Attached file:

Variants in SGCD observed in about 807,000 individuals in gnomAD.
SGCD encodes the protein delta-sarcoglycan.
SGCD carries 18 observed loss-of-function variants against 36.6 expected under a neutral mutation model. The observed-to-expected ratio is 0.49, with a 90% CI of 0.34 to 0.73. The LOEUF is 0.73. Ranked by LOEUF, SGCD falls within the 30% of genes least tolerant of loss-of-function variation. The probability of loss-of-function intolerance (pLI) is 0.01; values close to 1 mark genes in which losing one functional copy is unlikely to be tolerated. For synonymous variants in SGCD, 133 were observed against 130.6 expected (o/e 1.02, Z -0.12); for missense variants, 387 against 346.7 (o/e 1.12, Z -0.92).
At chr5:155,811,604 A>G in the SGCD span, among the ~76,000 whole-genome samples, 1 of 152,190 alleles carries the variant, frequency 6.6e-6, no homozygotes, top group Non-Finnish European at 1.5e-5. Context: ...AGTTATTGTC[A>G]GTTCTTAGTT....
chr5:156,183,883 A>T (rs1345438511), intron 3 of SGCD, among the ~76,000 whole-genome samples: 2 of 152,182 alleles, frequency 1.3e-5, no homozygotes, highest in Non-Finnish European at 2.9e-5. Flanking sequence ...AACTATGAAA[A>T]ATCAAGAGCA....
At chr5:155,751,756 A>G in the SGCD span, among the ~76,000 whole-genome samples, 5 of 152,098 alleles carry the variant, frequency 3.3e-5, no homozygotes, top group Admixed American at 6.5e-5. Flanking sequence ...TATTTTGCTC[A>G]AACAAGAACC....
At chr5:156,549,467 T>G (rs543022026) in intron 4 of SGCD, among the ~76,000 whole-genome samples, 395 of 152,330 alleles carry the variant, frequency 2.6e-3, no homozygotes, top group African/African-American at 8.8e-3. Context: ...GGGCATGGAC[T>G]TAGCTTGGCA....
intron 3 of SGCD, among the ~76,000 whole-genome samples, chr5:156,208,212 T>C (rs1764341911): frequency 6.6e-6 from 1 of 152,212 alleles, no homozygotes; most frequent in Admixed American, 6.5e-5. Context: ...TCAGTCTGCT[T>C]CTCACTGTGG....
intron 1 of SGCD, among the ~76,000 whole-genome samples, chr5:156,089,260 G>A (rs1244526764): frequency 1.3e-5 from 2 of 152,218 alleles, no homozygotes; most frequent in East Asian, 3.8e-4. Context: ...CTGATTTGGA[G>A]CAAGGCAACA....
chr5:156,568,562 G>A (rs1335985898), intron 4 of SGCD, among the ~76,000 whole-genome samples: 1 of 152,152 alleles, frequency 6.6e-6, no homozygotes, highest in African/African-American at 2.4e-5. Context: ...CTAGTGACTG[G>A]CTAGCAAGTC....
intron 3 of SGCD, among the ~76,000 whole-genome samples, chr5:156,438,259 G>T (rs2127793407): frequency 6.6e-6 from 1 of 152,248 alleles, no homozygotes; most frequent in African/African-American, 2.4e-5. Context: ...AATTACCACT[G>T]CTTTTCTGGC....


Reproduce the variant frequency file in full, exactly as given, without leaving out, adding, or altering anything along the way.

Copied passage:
Variants in SGCD observed in about 807,000 individuals in gnomAD.
SGCD encodes the protein delta-sarcoglycan.
SGCD carries 18 observed loss-of-function variants against 36.6 expected under a neutral mutation model. The observed-to-expected ratio is 0.49, with a 90% CI of 0.34 to 0.73. The LOEUF is 0.73. Ranked by LOEUF, SGCD falls within the 30% of genes least tolerant of loss-of-function variation. The probability of loss-of-function intolerance (pLI) is 0.01; values close to 1 mark genes in which losing one functional copy is unlikely to be tolerated. For synonymous variants in SGCD, 133 were observed against 130.6 expected (o/e 1.02, Z -0.12); for missense variants, 387 against 346.7 (o/e 1.12, Z -0.92).
At chr5:155,811,604 A>G in the SGCD span, among the ~76,000 whole-genome samples, 1 of 152,190 alleles carries the variant, frequency 6.6e-6, no homozygotes, top group Non-Finnish European at 1.5e-5. Context: ...AGTTATTGTC[A>G]GTTCTTAGTT....
chr5:156,183,883 A>T (rs1345438511), intron 3 of SGCD, among the ~76,000 whole-genome samples: 2 of 152,182 alleles, frequency 1.3e-5, no homozygotes, highest in Non-Finnish European at 2.9e-5. Flanking sequence ...AACTATGAAA[A>T]ATCAAGAGCA....
At chr5:155,751,756 A>G in the SGCD span, among the ~76,000 whole-genome samples, 5 of 152,098 alleles carry the variant, frequency 3.3e-5, no homozygotes, top group Admixed American at 6.5e-5. Flanking sequence ...TATTTTGCTC[A>G]AACAAGAACC....
At chr5:156,549,467 T>G (rs543022026) in intron 4 of SGCD, among the ~76,000 whole-genome samples, 395 of 152,330 alleles carry the variant, frequency 2.6e-3, no homozygotes, top group African/African-American at 8.8e-3. Context: ...GGGCATGGAC[T>G]TAGCTTGGCA....
intron 3 of SGCD, among the ~76,000 whole-genome samples, chr5:156,208,212 T>C (rs1764341911): frequency 6.6e-6 from 1 of 152,212 alleles, no homozygotes; most frequent in Admixed American, 6.5e-5. Context: ...TCAGTCTGCT[T>C]CTCACTGTGG....
intron 1 of SGCD, among the ~76,000 whole-genome samples, chr5:156,089,260 G>A (rs1244526764): frequency 1.3e-5 from 2 of 152,218 alleles, no homozygotes; most frequent in East Asian, 3.8e-4. Context: ...CTGATTTGGA[G>A]CAAGGCAACA....
chr5:156,568,562 G>A (rs1335985898), intron 4 of SGCD, among the ~76,000 whole-genome samples: 1 of 152,152 alleles, frequency 6.6e-6, no homozygotes, highest in African/African-American at 2.4e-5. Context: ...CTAGTGACTG[G>A]CTAGCAAGTC....
intron 3 of SGCD, among the ~76,000 whole-genome samples, chr5:156,438,259 G>T (rs2127793407): frequency 6.6e-6 from 1 of 152,248 alleles, no homozygotes; most frequent in African/African-American, 2.4e-5. Context: ...AATTACCACT[G>T]CTTTTCTGGC....